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On a chilly spring morning in 1978, Joe Alston settled behind his spotting scope and peered at Haystack Rock. He had come to Dinosaur National Monument as a temporary wildlife biologist for the Colorado Division of Wildlife. Through March and early April, he had seen no peregrines and his work had been uneventful. On 8 April that was to change.
On that day, Joe's wife, Judy, accompanied him to the field. Much of the spectacular six-hundred-foot cliff was hidden from their position on the top. They moved a few tens of yards to the side for a better look. A scattering of piñon pines and junipers still blocked the view. Only the very edge of the precipice provided a panorama of the gorge of the Yampa River, on its way to the Colorado in the blue haze below.
Time passed slowly in the cold wind. They had seen a battered blue pickup on the two-track road to the cliff, and now wondered who else had ventured to such a lonely place. Tourists seemed unlikely, given the remoteness of the site and the early season. They decided to call it a day, and on the way out found the pickup gone. Alston noticed what appeared to be trash at the cliff edge near where the truck had been parked. Expecting a case of illegal dumping, he found instead a gruesome scene.
On top were rags, some wire, and a gas can. Below on a ledge a few scores of yards from the top were a tire, burned brush, and the weathered body of a woman in a plaid shirt. Alston hurried for help and soon returned with a deputy sheriff. After confirming there had indeed been a crime, the deputy and Alston scouted the area and found the pickup. It was abandoned. Armed with the deputy's rifle, he went the way of the suspect and found a man lying calmly under a piñon, smoking a cigarette. Alston, untrained in lawman things, went up to the poor man and said, "Excuse me, may I talk with you." It turned out the man was armed, but his gun was broken. Before long the deputy returned and the villain was taken away. Four months later the remains of a second woman were found at the bottom of the cliff.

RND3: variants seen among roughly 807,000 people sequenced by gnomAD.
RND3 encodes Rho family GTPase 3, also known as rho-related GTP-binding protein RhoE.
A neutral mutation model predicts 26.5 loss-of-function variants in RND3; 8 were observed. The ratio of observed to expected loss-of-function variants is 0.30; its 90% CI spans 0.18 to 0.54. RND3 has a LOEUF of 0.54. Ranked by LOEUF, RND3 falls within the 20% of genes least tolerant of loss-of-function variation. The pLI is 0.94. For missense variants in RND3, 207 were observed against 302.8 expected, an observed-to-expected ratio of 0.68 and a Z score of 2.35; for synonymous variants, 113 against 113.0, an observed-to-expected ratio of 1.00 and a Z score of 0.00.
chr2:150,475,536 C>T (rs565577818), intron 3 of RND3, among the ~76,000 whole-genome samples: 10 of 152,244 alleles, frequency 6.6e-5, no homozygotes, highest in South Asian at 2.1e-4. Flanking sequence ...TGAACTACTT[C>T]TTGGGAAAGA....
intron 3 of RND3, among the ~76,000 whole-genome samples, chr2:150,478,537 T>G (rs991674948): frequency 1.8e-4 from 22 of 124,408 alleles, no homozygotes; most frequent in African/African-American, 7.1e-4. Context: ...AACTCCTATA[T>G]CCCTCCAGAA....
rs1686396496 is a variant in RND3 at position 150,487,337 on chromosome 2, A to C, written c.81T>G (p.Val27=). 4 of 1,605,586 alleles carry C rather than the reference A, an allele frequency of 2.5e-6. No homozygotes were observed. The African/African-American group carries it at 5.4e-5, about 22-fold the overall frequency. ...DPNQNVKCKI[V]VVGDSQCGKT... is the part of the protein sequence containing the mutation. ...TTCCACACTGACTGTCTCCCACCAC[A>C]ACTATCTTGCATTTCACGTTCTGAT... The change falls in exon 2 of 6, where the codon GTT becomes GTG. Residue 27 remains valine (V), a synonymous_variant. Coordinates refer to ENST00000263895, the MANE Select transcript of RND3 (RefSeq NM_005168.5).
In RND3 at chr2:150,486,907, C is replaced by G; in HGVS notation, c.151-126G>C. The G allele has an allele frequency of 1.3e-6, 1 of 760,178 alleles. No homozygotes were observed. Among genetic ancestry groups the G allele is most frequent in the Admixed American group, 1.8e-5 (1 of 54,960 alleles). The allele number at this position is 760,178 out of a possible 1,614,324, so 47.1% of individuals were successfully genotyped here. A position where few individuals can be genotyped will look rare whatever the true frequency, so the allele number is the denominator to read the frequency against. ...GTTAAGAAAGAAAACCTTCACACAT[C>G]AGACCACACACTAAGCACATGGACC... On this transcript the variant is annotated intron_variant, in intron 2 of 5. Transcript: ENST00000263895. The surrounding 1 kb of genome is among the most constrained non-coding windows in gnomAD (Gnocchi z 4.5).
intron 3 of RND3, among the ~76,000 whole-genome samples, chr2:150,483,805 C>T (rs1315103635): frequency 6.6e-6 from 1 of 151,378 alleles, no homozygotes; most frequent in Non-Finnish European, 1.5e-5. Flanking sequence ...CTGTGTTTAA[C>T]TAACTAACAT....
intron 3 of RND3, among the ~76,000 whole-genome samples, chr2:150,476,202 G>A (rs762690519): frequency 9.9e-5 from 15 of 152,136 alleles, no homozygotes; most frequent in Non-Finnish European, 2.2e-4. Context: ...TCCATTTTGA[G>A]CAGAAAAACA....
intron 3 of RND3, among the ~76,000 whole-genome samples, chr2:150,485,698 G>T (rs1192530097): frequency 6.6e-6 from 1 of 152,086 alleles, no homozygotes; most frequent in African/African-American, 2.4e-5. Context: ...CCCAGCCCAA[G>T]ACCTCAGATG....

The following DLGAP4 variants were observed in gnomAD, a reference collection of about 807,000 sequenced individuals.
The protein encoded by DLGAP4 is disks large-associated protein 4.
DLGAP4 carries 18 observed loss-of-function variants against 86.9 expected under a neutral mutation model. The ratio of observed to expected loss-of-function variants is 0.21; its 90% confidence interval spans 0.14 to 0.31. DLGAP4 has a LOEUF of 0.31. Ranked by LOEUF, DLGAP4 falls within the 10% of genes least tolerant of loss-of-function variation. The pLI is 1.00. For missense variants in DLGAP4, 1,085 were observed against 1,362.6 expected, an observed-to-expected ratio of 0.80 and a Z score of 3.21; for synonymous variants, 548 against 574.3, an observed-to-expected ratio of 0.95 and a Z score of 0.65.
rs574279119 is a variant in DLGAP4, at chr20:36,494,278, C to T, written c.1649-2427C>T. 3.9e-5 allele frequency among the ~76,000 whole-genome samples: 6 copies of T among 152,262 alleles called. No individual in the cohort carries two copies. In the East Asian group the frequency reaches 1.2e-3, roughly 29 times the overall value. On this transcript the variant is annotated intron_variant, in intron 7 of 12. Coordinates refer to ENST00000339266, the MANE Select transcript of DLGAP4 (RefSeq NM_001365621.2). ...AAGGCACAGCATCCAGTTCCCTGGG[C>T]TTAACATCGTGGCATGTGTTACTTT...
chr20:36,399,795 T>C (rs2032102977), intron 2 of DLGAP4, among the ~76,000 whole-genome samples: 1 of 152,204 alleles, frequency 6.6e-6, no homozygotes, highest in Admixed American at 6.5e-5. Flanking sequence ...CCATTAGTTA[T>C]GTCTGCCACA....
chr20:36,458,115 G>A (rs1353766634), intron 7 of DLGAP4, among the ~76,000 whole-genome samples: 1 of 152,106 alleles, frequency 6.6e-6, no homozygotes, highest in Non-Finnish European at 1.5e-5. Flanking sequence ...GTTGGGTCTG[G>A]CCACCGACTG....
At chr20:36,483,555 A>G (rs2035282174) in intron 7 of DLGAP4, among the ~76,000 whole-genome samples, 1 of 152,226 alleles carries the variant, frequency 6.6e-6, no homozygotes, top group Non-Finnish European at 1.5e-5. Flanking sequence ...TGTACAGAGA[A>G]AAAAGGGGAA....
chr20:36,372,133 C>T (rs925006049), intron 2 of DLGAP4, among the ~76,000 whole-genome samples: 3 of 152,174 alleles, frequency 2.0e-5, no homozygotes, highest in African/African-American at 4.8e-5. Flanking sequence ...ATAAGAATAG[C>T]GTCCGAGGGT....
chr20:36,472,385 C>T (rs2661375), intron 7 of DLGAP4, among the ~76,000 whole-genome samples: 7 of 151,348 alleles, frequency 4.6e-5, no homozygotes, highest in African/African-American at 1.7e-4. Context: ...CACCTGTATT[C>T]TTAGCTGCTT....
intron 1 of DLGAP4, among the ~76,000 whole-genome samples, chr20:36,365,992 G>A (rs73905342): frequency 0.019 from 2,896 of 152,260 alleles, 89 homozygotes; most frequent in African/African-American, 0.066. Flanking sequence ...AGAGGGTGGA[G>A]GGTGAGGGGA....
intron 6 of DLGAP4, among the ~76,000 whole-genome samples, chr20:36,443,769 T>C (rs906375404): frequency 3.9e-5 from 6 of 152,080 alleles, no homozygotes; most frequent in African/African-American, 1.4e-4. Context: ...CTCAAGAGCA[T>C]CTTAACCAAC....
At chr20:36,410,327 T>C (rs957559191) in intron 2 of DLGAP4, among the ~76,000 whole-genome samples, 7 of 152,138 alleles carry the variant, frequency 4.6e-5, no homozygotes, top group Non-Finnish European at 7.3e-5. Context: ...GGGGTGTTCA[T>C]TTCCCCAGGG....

How bad can luck be? Little did the murderer know, returning to burn the body that had failed to fall to the bottom of the cliff a few months before, that Haystack Rock was one of only a few places in temperate North America where peregrines still nested. The murderer had chosen poorly. He dumped the remains of his victims over one of the most carefully watched cliffs in North America. For all his effort he ended up in Wyoming Prison. Alston eventually became superintendent of Grand Canyon National Park.